March 31, 2014

Java and JavaScript: Who Feeds Who?

No doubt, DevCon5 in New York in July will reflect an interesting turn of events in Web development.

In the history of programming, you would be hard-pressed to find a more prolific era than the one we are currently in.  Jesse Cravens, our friend from Frog, and several hundreds of others like him are teaching kids to develop on the Web using nothing more than a plain text editor coupled with a browser. The kids are learning some pretty amazing stuff, and if you weren’t around prior to the mid 1990s you would never suspect just how visual coding can be. Even Tim Berners-Lee jokes now that he never expected to see kittens on the Web.

In the world of the Web, HTML5, CSS3 and JavaScript rock! Combined, they enable rendering that makes all the coding that came before it look like a buggy whip. Looks are deceiving, though, and most of the graphical experience is about rendering visual experiences.

JavaScript these days has taken on a greater role, and as a scripting language it has become the core method of information transfer between the servers and the browsers.  And while many regret the use of the name JavaScript because it does not have the same lineage or structure as Java, the language does follow the portability criteria. Also, in the time since Microsoft (News Alert) introduced the product, the number of JavaScripters has far surpassed the six million Java Developers out there (perhaps by as much as tenfold), though even more important is the number of developers who are now capable of quick universal browser processing.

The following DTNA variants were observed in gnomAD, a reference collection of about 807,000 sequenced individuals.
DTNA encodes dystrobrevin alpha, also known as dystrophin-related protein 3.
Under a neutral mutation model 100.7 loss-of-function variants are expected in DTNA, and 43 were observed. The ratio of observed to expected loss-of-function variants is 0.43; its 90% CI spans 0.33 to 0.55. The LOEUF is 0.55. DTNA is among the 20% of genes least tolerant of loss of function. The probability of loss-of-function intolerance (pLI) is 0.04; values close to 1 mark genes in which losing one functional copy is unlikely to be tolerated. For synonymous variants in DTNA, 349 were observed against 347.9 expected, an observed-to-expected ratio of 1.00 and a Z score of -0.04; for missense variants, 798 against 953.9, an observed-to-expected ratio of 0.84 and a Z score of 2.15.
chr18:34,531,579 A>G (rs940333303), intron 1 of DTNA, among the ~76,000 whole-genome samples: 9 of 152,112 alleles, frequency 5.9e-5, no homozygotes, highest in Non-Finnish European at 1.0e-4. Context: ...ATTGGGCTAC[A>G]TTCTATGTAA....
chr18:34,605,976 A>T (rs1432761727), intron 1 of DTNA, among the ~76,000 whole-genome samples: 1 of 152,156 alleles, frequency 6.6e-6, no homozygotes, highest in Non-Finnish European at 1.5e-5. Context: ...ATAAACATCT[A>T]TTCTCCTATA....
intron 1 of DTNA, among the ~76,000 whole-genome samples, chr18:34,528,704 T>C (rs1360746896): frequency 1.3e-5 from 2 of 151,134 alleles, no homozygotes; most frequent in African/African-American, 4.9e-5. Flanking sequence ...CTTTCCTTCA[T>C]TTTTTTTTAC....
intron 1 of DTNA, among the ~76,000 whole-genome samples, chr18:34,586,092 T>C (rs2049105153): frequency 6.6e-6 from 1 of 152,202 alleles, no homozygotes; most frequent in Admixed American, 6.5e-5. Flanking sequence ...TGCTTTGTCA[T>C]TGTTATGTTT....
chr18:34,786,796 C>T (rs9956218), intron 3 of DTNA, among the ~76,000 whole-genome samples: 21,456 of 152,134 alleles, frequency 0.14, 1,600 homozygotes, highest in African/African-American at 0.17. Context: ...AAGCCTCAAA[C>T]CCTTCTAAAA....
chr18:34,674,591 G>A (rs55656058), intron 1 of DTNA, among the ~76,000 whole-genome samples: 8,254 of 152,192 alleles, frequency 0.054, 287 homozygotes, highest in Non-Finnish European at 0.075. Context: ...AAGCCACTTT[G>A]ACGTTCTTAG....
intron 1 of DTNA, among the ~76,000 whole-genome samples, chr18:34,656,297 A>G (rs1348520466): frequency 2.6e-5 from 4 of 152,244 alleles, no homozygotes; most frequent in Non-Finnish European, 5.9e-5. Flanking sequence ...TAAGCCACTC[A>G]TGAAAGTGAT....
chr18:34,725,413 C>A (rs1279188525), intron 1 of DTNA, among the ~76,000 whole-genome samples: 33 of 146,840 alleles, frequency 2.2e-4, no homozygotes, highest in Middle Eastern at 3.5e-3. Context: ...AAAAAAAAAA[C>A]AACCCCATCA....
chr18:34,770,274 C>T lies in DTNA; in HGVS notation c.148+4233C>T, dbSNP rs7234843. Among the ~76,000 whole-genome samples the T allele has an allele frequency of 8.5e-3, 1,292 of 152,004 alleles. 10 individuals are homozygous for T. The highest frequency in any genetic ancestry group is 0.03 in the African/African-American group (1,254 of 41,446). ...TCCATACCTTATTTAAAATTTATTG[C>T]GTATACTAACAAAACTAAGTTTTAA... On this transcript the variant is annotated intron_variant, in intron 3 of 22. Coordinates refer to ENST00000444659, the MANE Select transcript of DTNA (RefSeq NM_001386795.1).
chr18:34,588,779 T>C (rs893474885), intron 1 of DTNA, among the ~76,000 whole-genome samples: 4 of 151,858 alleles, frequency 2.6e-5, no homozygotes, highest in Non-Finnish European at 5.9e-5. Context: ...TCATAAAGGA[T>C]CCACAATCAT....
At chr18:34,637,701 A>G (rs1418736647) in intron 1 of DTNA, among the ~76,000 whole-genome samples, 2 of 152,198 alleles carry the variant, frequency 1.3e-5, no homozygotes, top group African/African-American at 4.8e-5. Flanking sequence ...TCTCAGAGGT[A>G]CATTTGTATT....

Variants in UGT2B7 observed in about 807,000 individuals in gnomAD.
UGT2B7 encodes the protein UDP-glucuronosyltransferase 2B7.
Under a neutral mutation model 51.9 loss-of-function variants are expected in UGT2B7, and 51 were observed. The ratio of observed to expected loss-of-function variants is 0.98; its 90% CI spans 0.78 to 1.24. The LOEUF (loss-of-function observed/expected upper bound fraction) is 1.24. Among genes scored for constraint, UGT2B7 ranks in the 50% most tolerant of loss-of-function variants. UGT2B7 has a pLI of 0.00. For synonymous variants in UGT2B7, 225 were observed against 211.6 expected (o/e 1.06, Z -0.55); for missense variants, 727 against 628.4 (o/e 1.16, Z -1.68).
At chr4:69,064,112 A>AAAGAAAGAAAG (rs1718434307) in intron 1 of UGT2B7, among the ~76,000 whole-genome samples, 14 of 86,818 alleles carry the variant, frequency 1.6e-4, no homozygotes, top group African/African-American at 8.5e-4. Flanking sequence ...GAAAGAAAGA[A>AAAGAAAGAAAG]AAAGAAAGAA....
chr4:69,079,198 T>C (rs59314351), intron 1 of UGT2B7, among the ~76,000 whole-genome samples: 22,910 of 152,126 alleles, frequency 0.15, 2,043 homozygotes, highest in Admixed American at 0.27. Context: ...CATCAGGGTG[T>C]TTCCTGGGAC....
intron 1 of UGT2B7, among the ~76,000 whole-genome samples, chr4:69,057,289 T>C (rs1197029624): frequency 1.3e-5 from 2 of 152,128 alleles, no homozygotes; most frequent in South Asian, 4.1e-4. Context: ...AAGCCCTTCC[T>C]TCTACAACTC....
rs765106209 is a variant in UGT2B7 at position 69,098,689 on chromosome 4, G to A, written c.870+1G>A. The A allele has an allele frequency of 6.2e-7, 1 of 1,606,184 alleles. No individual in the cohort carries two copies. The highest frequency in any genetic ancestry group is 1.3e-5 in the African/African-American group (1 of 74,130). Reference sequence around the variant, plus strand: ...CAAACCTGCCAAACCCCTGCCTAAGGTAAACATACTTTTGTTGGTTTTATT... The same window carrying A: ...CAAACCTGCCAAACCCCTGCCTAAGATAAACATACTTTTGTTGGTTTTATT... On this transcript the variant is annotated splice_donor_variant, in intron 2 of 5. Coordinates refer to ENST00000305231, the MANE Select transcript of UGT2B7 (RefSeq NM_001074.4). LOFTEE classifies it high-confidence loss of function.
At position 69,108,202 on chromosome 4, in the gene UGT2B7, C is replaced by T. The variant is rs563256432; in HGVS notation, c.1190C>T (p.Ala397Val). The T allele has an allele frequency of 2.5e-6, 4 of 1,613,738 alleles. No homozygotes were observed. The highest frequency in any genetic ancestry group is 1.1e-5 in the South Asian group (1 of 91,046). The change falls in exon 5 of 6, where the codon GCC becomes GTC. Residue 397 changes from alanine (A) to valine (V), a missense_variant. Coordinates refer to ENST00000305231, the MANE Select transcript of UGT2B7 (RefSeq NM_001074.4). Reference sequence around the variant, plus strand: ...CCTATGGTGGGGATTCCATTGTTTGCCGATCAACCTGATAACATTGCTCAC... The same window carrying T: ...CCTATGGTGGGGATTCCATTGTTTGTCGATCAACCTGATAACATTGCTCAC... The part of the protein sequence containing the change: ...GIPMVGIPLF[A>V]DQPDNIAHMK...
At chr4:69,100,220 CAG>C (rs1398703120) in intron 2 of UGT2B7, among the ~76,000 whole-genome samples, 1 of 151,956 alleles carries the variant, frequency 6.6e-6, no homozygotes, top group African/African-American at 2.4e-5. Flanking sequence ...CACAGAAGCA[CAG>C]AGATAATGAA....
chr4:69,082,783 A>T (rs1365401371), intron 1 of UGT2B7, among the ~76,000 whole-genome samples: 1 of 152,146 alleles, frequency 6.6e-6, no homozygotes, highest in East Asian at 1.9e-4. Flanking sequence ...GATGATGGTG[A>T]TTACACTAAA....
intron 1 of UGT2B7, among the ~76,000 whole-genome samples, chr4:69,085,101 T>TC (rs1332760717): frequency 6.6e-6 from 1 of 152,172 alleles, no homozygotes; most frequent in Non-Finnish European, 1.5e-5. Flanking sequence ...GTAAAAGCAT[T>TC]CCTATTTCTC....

Though in earlier days JavaScript was considered akin to “duct tape” for the Web, today it has come to be integral to mobile Web communications, with Angular, Jquery, and Node.js, etc., representing rapid adaptation for performance delivery. C JavaScript supports a structured programming syntax from C (e.g., if statements, while loops, switch statements, etc.), and makes a distinction between expressions and statements.

JavaScript typically relies on a run-time environment (e.g. a Web browser) to provide objects and methods by which scripts can interact with the environment (e.g. a webpage DOM). It also relies on the run-time environment to provide the ability to include/import scripts (e.g. HTML <script> elements). This is not a language feature per se, but it is common in most JavaScript implementations.”

It may sound hyperbolic, but the impact of JavaScript on the Web right now truly is expanding and explosive.  I believe that we are going to see more and more adaptation on the server side in the next few years, too,  as Java and JavaScript share the performance requirements of delivery and distributed computing.  

Often we get lost in the terms of the day… a verb or noun in front of the initials JS, a nebulous word such as “cloud” masking all sorts of distribution methods, and so forth. In the near future, I plan to ask friends of mine to participate in some very specific interviews, because my sense is that the next phase of the Web will burst forth with even greater performance than we are currently seeing. 

Edited by Alisen Downey


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